Repent America’s Michael Marcavage says that the bill’s focus on violent acts is somehow part of a secret strategy:

“[Hate-crime legislation proponents are] doing this in a strategic manner because they say it only applies to violence or violent acts.”

Sure, the law may SAY it only applies to violent crimes, and sure, it may include clear protections for religious leaders and anyone else to speak out against homosexuality, but it’s all part of a slippery slope that will lead to preachers being dragged from their pulpits.

Ah, the old slippery slope argument. Remember then-Senator Rick Santorum insisting that overturning laws against sodomy would lead to acceptance of man-dog sex? Coincidently, this contention also happened to be presented during the press conference by Rev. Jonathan Hunter of LEARN:

“Pastors not only have a right, but an obligation to state emphatically that, according to scripture, a man or woman should not perform a sex act with a person of the same sex, nor with a dog, nor with a snake, nor with a hamster or any other creature.”

As we previously noted, even the urban legend website has debunked the Religious Right’s claims about the hate crimes law. And a group of religious leaders held their own press event in support of the law a day earlier.  But when it comes to portraying supporters of legal protection for gay Americans as enemies of religious liberty, right-wing leaders don’t let the truth get in the way of a good story.

Regent-rifying the World

The ACLJ and Regent University team up to teach 50 students from around the world to "defend religious liberty and human dignity."

Scarborough: 'Different Standards' for Christians, Others

Recently we noted the blatant double standard exhibited by religious-right groups in the case of Albemarle County, Virginia schools’ “backpack mail” program: Last year, Liberty Counsel told the school that if it distributed secular materials by giving them to students to take home, it had to allow religious materials as well. The school complied. But when a summer camp for “atheists, freethinkers, [and] humanists” used the “backpack mail” program, Rick Scarborough’s Vision America pounced, directing its supporters to flood the school superintendent’s e-mail account and eventually causing the school to drop “backpack mail” altogether.

Scarborough declared a “major victory” for Vision America, but lamented that the victory was only partial: He would prefer that the school reject material from atheists while continuing to distribute material from Christian programs. Scarborough explained:

People for the American Way says we’re hypocrites who want to establish a different standard for Christians and atheists.

Hypocrites, no. Different standards? Yes. Again, the court said the district didn’t have unbridled discretion, not that it shouldn’t exercise any discretion.

Why should a fringe minority have the same status as Christians? This country was not established by secular humanists. The Declaration of Independence appeals to the "Creator" and the "Supreme Judge of the World" -- not to Buddha or Mohammad or Madalyn Murray O’Hair.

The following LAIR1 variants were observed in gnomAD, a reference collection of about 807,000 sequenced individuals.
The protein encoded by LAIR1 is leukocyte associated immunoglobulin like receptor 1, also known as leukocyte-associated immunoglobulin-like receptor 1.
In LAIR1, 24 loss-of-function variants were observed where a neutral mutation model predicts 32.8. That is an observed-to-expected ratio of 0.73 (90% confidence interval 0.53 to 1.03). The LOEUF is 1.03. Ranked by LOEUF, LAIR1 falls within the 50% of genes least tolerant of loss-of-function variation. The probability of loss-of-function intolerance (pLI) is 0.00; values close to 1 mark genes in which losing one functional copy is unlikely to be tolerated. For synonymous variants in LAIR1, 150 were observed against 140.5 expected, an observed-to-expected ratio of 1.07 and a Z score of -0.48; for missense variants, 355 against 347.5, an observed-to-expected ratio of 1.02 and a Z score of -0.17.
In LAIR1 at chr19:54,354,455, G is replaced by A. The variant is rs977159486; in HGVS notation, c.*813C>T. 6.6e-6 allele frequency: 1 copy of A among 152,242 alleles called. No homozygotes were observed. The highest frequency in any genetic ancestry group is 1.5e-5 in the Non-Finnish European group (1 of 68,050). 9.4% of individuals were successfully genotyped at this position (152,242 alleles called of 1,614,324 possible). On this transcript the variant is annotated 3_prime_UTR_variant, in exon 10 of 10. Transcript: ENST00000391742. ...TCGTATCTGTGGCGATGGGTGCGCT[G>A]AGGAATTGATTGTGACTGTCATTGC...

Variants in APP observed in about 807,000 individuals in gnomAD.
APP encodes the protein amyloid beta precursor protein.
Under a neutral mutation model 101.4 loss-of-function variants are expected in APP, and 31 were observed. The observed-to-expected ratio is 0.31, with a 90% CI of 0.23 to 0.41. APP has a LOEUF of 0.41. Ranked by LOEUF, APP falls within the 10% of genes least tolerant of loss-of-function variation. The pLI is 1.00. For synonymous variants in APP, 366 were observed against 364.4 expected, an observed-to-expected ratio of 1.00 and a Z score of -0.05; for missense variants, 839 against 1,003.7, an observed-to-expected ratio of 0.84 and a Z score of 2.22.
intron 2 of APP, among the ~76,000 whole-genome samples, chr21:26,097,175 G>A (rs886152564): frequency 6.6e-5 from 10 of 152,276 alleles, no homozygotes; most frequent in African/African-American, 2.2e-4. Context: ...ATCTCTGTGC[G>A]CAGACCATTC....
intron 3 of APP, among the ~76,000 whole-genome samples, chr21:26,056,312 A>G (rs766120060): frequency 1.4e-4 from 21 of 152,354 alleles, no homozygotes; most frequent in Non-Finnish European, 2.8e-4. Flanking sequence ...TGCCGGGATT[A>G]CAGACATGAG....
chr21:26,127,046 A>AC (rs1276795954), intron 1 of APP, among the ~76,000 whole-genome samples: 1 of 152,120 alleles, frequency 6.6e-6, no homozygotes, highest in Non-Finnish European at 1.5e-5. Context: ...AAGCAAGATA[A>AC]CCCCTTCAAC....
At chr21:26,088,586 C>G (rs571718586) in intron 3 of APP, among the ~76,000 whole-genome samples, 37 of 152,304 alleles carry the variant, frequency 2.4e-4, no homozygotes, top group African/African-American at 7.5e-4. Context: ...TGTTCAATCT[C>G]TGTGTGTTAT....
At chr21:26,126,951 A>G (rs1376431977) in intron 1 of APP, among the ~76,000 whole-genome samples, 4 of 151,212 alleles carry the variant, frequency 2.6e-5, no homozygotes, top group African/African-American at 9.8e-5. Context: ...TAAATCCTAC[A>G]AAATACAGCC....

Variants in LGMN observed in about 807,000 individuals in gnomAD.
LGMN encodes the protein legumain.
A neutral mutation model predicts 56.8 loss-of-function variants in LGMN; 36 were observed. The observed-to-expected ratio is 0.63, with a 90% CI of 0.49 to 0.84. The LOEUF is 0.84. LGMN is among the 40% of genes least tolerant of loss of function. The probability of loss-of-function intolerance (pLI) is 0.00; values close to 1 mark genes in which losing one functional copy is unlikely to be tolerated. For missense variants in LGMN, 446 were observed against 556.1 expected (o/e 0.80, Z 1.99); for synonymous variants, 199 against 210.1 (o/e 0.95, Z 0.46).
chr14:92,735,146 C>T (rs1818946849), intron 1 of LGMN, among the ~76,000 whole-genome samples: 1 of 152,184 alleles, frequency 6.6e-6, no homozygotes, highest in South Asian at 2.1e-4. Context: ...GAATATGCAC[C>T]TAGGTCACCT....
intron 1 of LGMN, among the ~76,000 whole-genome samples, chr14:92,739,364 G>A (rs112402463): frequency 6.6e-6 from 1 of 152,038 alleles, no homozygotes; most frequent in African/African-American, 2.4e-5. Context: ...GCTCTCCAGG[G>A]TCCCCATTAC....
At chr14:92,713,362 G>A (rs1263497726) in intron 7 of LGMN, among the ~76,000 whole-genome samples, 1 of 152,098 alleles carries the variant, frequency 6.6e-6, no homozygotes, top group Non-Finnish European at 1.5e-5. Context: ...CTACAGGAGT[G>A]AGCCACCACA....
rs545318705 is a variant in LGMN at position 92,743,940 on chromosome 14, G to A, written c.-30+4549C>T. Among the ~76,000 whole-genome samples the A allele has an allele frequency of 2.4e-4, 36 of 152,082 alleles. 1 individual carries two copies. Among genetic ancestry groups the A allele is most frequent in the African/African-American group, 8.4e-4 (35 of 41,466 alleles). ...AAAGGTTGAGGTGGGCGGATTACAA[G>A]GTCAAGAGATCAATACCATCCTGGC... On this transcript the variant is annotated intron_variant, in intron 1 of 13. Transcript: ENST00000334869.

Christians constitute 90% of the American people. The people whose taxes pay for the Albemarle County School System are overwhelmingly Christian.

While we didn’t actually call Vision America hypocritical, it’s easy to jump to that conclusion. After all, religious-right groups argue for increased access to public schools for evangelism on the principle of “viewpoint neutrality,” but when it comes to a viewpoint Vision America doesn’t like, the principle disappears.

Perhaps what Scarborough means when he alleges a “War on Christians” is any policy that gives other faiths equal protection under the law.   It’s clear that Scarborough’s goal is to have the government discriminate in favor of Christianity, and against people with any other religious viewpoint.  His indignant and chilling question – “Why should a fringe minority have the same status as Christians?” – is about as clear an argument for the First Amendment’s religious liberty protections as you’ll ever hear.

(For the record, Mr. Scarborough – the quotation you attribute to this blog is actually from The Hook, a weekly newspaper in Charlottesville.)

Taking Lead from Religious Right, Justice Dept. Civil Rights Focused on Religion, Not Race

In February, Attorney General Alberto Gonzales unveiled what he called the First Freedom Project, to expand on the Justice Department’s “extensive record of achievement” in the area of “religious freedom laws.” Gonzales described the department’s work on religion as “a legacy of protection unequaled since the passage of the Civil Rights Act of 1964.” Even more remarkable than that startling comparison, however, was Gonzales’s choice of venue: a meeting of the Southern Baptist Convention Executive Committee. According to the Baptist Press, Gonzales requested to speak at the meeting “because he knew he would be speaking to a receptive audience.” Indeed, the famously right-wing SBC has been a strong supporter of the Bush administration, including its judicial nominees.

The Religious Right saw the Justice Department’s new focus as a validation of its world-view of Christians being persecuted in the U.S.: “The fact that the Justice Department finds it necessary to launch such a project further confirms what we’ve been aware of for years: our nation’s First Liberty--religious freedom--is in serious danger because of decades of sustained attacks by the ACLU and its allies,” said Alan Sears, president of the Alliance Defense Fund.